But, as I get older, these instances of failing are beginning to look less like moments of insecurity, and more and more like progressive opportunities.  I'm not saying all failure is good.  Certainly there are times that failure is outright sinful, and my repentance is as necessary as my humility in order to reap the full benefit of God's hand in my life.  But, I am saying this:  The only difference between failure and progress is perspective.

This struck me the other day when I was considering my frustrations as a parent (a common theme here on PARDYMAMA!)  I was biting my tongue, taking deep breaths, and praying through another moment of choosing peace and patience over my all-too-reactive anger.   I imagined how God must be looking at me through parental eyes - how He must look at all of us at times - and yet, He's not having to take deep breaths and settle Himself down over disappointment in us.  It's not that I don't disappoint God (absolutely, this should be obvious!) but, rather, that He can see the big picture - where I'm headed - the lessons I'm gaining, and so forth.  I just pictured God smiling earnestly at me and encouraging me "Oh dear'll get it.  Remember my Words.  Trust in Me.  Depend on ME."

When I fail, something inside me (I would consider this "something" to be the Holy Spirit utilizing my conscience and conviction) tells me to do better next time, to stop relying on my own strength so much, to remember that there's a better path (albeit, often harder) and to choose differently in the future.  This recognition gives me unfathomable hope to change, be better, act differently.  This is the Spirit of Christ in me, working through even the most mundane or tumultuous moments.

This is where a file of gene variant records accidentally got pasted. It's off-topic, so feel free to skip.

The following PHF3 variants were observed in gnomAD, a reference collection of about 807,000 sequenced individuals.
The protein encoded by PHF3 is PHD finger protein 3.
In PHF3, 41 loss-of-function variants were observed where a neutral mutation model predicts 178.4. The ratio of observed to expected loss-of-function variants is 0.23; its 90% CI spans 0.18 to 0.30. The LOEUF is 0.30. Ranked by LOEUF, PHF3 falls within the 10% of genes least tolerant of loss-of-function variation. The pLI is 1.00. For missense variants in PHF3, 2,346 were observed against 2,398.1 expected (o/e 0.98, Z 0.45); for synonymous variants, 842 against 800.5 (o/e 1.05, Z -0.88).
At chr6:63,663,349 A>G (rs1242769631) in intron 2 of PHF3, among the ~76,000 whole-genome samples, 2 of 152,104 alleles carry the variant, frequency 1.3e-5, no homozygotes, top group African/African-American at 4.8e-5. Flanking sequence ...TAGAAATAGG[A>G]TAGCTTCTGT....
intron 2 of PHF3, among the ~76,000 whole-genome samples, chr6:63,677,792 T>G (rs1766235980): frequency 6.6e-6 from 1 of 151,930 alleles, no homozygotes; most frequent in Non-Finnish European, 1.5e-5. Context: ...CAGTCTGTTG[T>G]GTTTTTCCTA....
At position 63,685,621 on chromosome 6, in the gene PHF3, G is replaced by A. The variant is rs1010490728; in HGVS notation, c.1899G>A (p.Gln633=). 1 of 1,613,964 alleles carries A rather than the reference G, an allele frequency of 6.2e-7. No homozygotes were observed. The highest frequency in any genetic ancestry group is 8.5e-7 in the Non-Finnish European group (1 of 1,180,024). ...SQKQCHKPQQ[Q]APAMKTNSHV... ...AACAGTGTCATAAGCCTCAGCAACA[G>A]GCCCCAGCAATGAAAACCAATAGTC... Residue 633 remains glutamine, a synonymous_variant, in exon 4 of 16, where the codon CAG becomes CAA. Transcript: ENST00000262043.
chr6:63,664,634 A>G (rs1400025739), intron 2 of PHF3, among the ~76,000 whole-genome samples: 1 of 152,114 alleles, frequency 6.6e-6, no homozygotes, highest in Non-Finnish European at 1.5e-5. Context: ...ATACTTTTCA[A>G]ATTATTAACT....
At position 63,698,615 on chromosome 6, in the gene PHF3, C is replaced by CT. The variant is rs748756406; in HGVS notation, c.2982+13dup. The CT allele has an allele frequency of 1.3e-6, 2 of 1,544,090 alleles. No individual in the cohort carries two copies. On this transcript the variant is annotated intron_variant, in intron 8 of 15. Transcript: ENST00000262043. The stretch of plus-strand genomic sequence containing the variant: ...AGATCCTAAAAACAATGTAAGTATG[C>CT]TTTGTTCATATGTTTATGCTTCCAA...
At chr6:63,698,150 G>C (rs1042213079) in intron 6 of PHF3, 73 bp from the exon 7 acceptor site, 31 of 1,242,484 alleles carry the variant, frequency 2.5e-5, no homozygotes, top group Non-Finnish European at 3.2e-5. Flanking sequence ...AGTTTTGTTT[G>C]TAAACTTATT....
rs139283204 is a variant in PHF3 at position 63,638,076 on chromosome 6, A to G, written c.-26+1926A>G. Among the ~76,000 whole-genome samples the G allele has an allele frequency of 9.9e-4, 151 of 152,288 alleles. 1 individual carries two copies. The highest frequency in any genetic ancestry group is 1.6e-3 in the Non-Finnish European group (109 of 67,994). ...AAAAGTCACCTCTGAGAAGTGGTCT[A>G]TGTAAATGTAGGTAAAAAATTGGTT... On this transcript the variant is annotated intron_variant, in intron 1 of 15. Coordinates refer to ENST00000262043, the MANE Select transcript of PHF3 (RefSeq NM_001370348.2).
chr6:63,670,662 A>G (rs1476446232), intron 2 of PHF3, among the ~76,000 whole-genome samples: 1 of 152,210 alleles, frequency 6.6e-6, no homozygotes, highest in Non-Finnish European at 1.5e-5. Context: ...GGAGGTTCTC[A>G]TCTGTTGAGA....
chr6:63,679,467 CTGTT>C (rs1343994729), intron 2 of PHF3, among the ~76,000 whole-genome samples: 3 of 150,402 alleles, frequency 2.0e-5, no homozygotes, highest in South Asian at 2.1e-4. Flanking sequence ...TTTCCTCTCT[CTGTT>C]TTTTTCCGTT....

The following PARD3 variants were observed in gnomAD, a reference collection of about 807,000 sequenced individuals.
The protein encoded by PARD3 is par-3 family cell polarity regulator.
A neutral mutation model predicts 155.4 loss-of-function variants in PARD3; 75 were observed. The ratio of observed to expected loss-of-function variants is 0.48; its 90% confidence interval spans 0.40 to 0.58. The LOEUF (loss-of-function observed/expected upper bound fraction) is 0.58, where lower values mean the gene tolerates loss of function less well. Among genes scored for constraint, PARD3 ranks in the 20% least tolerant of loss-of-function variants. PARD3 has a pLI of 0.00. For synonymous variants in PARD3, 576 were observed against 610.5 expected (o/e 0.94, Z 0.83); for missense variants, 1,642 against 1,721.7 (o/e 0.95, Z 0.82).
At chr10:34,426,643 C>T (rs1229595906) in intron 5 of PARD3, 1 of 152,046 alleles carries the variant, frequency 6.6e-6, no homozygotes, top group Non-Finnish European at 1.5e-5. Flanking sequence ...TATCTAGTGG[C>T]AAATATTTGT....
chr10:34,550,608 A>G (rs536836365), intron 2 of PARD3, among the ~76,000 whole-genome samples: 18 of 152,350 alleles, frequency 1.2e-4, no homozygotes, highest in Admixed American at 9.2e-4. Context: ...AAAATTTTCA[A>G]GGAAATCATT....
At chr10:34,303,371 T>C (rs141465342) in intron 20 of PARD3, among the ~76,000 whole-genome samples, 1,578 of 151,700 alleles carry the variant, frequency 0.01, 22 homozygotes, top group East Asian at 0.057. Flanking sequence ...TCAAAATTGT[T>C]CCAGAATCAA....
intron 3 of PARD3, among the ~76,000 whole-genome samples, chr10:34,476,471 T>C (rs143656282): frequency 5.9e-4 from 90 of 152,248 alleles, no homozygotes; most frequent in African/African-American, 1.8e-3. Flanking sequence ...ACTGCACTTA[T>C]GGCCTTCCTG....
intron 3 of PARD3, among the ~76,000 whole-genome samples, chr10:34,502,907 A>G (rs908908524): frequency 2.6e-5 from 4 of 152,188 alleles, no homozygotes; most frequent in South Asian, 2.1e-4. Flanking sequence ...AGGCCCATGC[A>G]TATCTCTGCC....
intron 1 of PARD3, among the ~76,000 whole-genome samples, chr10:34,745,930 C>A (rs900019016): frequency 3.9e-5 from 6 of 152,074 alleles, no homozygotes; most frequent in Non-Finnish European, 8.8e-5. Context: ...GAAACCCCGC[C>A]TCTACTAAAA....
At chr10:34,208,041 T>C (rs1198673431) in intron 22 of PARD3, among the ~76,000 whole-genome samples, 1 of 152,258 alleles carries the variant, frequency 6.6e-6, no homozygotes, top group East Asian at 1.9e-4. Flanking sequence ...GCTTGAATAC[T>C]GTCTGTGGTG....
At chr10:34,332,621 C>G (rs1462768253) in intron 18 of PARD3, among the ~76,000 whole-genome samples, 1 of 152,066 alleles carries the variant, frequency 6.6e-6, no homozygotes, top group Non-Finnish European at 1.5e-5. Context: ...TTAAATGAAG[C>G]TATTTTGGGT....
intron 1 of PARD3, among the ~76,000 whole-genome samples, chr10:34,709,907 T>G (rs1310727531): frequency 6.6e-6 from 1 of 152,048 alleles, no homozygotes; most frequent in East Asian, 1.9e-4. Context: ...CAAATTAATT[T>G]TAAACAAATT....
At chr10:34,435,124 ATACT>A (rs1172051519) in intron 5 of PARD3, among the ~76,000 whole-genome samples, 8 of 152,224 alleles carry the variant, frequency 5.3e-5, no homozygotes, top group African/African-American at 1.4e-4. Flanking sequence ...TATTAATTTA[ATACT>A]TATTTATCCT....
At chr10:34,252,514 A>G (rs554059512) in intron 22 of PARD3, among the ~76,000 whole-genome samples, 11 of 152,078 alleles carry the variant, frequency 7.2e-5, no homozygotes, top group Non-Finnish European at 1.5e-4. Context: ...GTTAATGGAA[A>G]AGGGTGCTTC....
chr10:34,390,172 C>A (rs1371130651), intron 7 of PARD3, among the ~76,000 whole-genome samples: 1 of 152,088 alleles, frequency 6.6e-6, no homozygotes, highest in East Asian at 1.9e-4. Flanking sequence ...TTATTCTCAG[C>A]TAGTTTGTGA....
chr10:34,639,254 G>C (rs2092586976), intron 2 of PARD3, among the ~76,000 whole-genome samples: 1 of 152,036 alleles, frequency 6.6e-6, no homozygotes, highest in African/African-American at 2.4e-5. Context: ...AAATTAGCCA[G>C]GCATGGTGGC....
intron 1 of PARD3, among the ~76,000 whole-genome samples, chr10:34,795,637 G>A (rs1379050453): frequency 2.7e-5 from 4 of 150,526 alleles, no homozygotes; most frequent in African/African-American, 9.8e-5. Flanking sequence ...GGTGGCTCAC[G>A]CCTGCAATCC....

THAT isn't failure...that's progress.

Seeing my weaknesses from God's perspective allows me the security to move forward, embrace grace and forgiveness, and grow in the progressive depth that my faith offers me in my actions.  It also reminds me of this verse:
2 Corinthians 12: 9-10
But he said to me, "My grace is sufficient for you, for my power is made perfect in weakness."  Therefore I will boast all the more gladly of my weaknesses, so that the power of Christ my rest upon me.  For the sake of Christ, then, I am content with weaknesses, insults, hardships, persecutions, and calamities.  For when I am weak, then I am strong.
We all do our best to hide our weaknesses and avoid failures.  But, when failures come and the temptation to shirk into our own insecurities is quick to follow, I hope you take a deep breath and choose to embrace the progress Christ offers in those quiet moments.  I know He's still working on me, and I'm so grateful for each moment of progress I encounter, even if it takes me some time before I can step back and appreciate the true perspective of how God uses it in my life.

Kids Ruin Everything

Wednesday, June 18, 2014

Someone once said that trying to clean the house with little kids is like trying to brush your teeth while eating Oreos.

I couldn't agree more.

I don't know which is more of a disaster - my house before attempting to clean it, or the chaos that follows once I start tackling the chores with the "help" of my children.  Making the bed becomes a battle of sheets and blankets, folding laundry turns into fort-making piles of towels and towers of socks and underwear that eventually get shoved into drawers.

And then, in my effort to allow them to help, Matilda multi-tasks swiffering and holding the cat at the same time, only to end up slightly scratched and bursting into tears seconds later. (Not to mention the hissing feline hiding in the corner giving me the stink-eye.  Sorry, buddy.)

I love that they want to help...I just don't want them to help.  It's frustrating, it takes time, it take extra patience, and there are times I'd rather just let the house crumble around me than put up with the fighting and frustrations that manifest in the process.  Whew.  (Can I get an Amen Sister!)

It's within these moments of loud chaos that I find myself thinking "Kids ruin everything!"  Usually this is instantly followed by a pang of guilt that turns into a prayer for extra grace and gratitude (Serenity now, Lord!)  But, today, it occurred to me - "Yes, they DO!  And thank God for it."